Why Do Canadian Sparrows Collectively Change Their Tune?

A Canadian sparrow known for its cheerful chirping is changing its tune, an intriguing example of a “viral phenomenon” in the animal kingdom, according to a study published recently.

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Bird-lovers first recorded the original tune of the diphtheria sparrow in the 1950s, a unique triplet.
Biologists began noticing in the late 20th century that members of this species in western Canada were innovating. The new tune ends with a diplet and a new syncopation pattern rather than a triplet. The new ending sounds like: “A-na, a-na, a-na.” Over the next 20 years, this new rhythm caught on, moving east and conquering Alberta, and then Ontario. It entered Quebec last year. It is now a popular version spanning more than 2,000 miles, an extremely rare example of a famous bird song in history being completely replaced by another.

Scientists Ken Otter of the University of Northern British Columbia and his Wilfrid Laurier University colleague Scott Ramsay describe the astonishing speed of the shift in the journal Current Biology. “What we saw was like someone moving from Quebec to Paris, and everyone around was like, ‘Wow, that’s a cool accent,’ and they started adopting a Quebec accent,” Otter told reporters. Their study was based on 1,785 recordings between 2000 and 2019, most of which were made by them but also provided by citizen scientists who posted them on specialist websites such as Xeno-Canto.org.

In the western province of Alberta, about half of the tunes recorded in 2004 ended in triplets; Ten years later, all the males had adopted the two-tone. Half of western Canada switched to a two-tone version in 2015, and by last year the new tune had been established in the western end of eastern Quebec. At this rate, the historic triplet version may soon exist only in recordings, the report said.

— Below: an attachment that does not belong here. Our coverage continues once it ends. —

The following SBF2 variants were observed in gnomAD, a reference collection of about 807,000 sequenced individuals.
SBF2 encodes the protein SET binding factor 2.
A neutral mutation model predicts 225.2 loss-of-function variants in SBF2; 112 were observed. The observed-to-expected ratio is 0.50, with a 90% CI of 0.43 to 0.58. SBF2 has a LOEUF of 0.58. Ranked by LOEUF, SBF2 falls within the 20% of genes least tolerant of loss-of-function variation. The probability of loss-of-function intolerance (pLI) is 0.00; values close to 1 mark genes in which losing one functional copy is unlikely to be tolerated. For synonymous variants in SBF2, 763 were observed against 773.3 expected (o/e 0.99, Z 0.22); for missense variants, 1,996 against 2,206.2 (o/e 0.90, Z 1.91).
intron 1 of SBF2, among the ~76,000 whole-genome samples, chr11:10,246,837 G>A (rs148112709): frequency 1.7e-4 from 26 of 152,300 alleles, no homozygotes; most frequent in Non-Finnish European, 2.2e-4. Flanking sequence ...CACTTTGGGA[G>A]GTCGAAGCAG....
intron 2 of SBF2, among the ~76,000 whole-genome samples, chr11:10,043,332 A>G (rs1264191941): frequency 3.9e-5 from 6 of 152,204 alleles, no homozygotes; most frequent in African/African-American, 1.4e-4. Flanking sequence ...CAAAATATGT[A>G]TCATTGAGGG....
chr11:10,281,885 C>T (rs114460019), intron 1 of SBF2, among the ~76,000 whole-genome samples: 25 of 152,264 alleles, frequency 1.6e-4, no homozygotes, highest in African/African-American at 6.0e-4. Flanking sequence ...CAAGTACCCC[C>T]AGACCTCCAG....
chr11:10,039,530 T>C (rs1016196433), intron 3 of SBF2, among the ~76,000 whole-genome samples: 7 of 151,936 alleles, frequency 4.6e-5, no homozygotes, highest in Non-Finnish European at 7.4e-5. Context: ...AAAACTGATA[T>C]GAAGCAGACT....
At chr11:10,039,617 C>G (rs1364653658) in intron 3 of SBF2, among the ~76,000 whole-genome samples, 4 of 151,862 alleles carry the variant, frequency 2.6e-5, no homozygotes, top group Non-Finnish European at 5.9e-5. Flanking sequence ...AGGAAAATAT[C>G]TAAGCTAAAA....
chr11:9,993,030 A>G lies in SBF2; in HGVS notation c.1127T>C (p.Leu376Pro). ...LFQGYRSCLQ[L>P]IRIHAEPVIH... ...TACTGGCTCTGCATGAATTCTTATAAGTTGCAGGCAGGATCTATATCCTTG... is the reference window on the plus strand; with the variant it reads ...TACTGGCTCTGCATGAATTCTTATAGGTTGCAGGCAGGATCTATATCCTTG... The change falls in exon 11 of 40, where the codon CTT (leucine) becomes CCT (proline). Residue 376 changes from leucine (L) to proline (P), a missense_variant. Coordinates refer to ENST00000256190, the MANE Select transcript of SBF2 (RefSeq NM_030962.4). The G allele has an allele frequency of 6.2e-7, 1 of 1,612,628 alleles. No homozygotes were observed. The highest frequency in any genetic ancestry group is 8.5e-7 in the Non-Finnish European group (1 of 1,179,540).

Males of the species mark their territory by calling, and their tunes share a common structure. Usually, if there is a change, it is regional and does not move into an adjacent territory. Otter says the study is the first time scientists have been able to show transmission on such a large geographical scale.

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So how did this happen? It’s probably like kids coming home from summer camp humming a new tune: Songbirds from different parts of Canada spend the winter in the same part of the United States and then return to their homes in the spring. The researchers confirmed the theory by tagging some birds.

So, in the plains of Texas and Kansas, the first adopters of the new tune in western Canada — or bird-influencers, as they might be called — spread the trend among their eastern brethren.

Previous work has shown that young birds can pick up unfamiliar tunes after hearing recordings. But to truly understand why males are willing to give up old tunes that were once so useful to them, scientists must rely on theory. Otter thinks this may be because the new tune attracts more females, so the younger males rush to accept it.